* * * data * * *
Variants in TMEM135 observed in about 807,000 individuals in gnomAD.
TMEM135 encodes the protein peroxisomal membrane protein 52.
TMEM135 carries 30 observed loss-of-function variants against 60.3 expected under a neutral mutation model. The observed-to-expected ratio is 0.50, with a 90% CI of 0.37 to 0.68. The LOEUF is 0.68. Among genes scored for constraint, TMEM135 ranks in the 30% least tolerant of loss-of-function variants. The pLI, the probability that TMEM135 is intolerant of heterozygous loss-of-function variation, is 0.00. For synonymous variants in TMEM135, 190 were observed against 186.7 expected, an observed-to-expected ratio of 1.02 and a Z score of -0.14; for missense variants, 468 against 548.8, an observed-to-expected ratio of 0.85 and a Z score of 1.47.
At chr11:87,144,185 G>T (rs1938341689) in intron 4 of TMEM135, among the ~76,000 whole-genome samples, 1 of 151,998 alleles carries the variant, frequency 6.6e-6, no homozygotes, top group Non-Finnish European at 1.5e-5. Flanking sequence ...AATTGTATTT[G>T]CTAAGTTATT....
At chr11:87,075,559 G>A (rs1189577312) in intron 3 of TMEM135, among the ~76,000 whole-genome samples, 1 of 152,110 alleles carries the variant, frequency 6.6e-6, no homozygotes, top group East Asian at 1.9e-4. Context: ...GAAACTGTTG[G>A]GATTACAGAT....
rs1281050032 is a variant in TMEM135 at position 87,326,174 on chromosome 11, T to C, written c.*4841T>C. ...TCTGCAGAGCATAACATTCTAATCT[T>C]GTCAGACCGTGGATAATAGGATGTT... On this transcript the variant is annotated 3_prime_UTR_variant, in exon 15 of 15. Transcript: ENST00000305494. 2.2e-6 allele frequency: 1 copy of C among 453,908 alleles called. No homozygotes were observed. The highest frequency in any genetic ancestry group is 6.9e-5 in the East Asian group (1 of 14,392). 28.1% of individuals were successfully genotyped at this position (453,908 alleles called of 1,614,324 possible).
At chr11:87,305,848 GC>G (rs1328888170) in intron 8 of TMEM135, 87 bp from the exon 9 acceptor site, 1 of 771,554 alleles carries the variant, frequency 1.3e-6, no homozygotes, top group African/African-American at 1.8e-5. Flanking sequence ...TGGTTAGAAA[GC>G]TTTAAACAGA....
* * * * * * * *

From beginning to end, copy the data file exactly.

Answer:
Variants in TMEM135 observed in about 807,000 individuals in gnomAD.
TMEM135 encodes the protein peroxisomal membrane protein 52.
TMEM135 carries 30 observed loss-of-function variants against 60.3 expected under a neutral mutation model. The observed-to-expected ratio is 0.50, with a 90% CI of 0.37 to 0.68. The LOEUF is 0.68. Among genes scored for constraint, TMEM135 ranks in the 30% least tolerant of loss-of-function variants. The pLI, the probability that TMEM135 is intolerant of heterozygous loss-of-function variation, is 0.00. For synonymous variants in TMEM135, 190 were observed against 186.7 expected, an observed-to-expected ratio of 1.02 and a Z score of -0.14; for missense variants, 468 against 548.8, an observed-to-expected ratio of 0.85 and a Z score of 1.47.
At chr11:87,144,185 G>T (rs1938341689) in intron 4 of TMEM135, among the ~76,000 whole-genome samples, 1 of 151,998 alleles carries the variant, frequency 6.6e-6, no homozygotes, top group Non-Finnish European at 1.5e-5. Flanking sequence ...AATTGTATTT[G>T]CTAAGTTATT....
At chr11:87,075,559 G>A (rs1189577312) in intron 3 of TMEM135, among the ~76,000 whole-genome samples, 1 of 152,110 alleles carries the variant, frequency 6.6e-6, no homozygotes, top group East Asian at 1.9e-4. Context: ...GAAACTGTTG[G>A]GATTACAGAT....
rs1281050032 is a variant in TMEM135 at position 87,326,174 on chromosome 11, T to C, written c.*4841T>C. ...TCTGCAGAGCATAACATTCTAATCT[T>C]GTCAGACCGTGGATAATAGGATGTT... On this transcript the variant is annotated 3_prime_UTR_variant, in exon 15 of 15. Transcript: ENST00000305494. 2.2e-6 allele frequency: 1 copy of C among 453,908 alleles called. No homozygotes were observed. The highest frequency in any genetic ancestry group is 6.9e-5 in the East Asian group (1 of 14,392). 28.1% of individuals were successfully genotyped at this position (453,908 alleles called of 1,614,324 possible).
At chr11:87,305,848 GC>G (rs1328888170) in intron 8 of TMEM135, 87 bp from the exon 9 acceptor site, 1 of 771,554 alleles carries the variant, frequency 1.3e-6, no homozygotes, top group African/African-American at 1.8e-5. Flanking sequence ...TGGTTAGAAA[GC>G]TTTAAACAGA....